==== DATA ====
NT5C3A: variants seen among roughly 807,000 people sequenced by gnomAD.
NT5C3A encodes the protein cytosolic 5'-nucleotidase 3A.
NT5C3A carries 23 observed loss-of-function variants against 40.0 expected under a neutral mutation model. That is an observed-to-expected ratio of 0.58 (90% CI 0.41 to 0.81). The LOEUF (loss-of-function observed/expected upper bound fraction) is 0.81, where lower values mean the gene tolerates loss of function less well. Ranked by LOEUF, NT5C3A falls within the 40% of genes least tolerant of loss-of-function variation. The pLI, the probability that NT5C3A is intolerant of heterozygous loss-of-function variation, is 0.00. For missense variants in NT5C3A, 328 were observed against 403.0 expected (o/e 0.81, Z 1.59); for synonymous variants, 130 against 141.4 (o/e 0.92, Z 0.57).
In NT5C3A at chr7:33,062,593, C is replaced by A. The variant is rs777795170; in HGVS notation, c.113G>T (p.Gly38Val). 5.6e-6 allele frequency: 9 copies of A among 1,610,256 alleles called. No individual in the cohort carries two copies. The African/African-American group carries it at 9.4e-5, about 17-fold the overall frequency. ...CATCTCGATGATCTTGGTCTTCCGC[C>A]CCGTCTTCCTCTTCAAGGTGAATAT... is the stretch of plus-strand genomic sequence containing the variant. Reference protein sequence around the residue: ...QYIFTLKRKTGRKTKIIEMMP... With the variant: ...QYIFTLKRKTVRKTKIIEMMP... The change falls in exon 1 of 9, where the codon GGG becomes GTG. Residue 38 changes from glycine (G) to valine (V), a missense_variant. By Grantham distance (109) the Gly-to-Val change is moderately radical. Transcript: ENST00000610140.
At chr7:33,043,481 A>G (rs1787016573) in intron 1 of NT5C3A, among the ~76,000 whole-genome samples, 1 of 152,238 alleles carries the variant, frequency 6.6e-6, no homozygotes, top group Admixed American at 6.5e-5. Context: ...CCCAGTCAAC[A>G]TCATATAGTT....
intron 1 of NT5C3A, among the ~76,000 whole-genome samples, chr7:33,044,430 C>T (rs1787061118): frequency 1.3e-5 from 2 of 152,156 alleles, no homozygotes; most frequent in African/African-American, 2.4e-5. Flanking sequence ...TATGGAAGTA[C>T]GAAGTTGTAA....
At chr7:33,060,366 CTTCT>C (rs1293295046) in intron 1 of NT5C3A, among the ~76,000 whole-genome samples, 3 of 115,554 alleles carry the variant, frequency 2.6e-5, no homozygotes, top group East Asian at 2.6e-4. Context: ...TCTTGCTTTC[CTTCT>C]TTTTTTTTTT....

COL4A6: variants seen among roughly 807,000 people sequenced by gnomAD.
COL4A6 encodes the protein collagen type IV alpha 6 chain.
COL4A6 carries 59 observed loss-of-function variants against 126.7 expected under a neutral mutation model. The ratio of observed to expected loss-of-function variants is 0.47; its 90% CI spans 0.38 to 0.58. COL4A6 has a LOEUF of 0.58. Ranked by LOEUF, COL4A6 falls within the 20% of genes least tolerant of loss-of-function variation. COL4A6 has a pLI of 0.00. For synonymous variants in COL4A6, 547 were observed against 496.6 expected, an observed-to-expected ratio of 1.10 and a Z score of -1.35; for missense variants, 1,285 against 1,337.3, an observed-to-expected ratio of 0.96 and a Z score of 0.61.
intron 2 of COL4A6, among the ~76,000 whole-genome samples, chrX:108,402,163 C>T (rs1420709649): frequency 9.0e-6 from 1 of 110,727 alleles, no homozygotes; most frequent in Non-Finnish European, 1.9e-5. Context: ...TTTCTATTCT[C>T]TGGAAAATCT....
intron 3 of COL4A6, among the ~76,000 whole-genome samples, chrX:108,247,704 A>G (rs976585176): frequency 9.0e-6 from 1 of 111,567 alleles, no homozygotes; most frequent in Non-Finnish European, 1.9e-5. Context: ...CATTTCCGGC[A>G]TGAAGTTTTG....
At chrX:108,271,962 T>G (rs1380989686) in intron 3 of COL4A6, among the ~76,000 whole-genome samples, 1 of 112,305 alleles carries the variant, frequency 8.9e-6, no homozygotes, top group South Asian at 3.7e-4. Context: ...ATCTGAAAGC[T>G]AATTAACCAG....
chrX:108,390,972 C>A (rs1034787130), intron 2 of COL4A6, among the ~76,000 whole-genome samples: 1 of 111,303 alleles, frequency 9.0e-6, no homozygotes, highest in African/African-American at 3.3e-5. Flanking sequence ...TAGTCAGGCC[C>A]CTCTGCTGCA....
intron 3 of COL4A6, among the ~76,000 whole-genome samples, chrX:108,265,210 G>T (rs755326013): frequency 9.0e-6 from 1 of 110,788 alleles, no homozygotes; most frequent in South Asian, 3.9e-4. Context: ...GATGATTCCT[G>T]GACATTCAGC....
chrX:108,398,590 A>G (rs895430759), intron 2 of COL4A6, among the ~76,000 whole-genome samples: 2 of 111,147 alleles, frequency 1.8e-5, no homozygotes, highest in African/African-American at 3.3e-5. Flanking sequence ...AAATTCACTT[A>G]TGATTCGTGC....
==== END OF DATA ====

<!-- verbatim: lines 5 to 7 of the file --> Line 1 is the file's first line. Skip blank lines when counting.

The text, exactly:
At chr7:33,043,481 A>G (rs1787016573) in intron 1 of NT5C3A, among the ~76,000 whole-genome samples, 1 of 152,238 alleles carries the variant, frequency 6.6e-6, no homozygotes, top group Admixed American at 6.5e-5. Context: ...CCCAGTCAAC[A>G]TCATATAGTT....
intron 1 of NT5C3A, among the ~76,000 whole-genome samples, chr7:33,044,430 C>T (rs1787061118): frequency 1.3e-5 from 2 of 152,156 alleles, no homozygotes; most frequent in African/African-American, 2.4e-5. Flanking sequence ...TATGGAAGTA[C>T]GAAGTTGTAA....
At chr7:33,060,366 CTTCT>C (rs1293295046) in intron 1 of NT5C3A, among the ~76,000 whole-genome samples, 3 of 115,554 alleles carry the variant, frequency 2.6e-5, no homozygotes, top group East Asian at 2.6e-4. Context: ...TCTTGCTTTC[CTTCT>C]TTTTTTTTTT....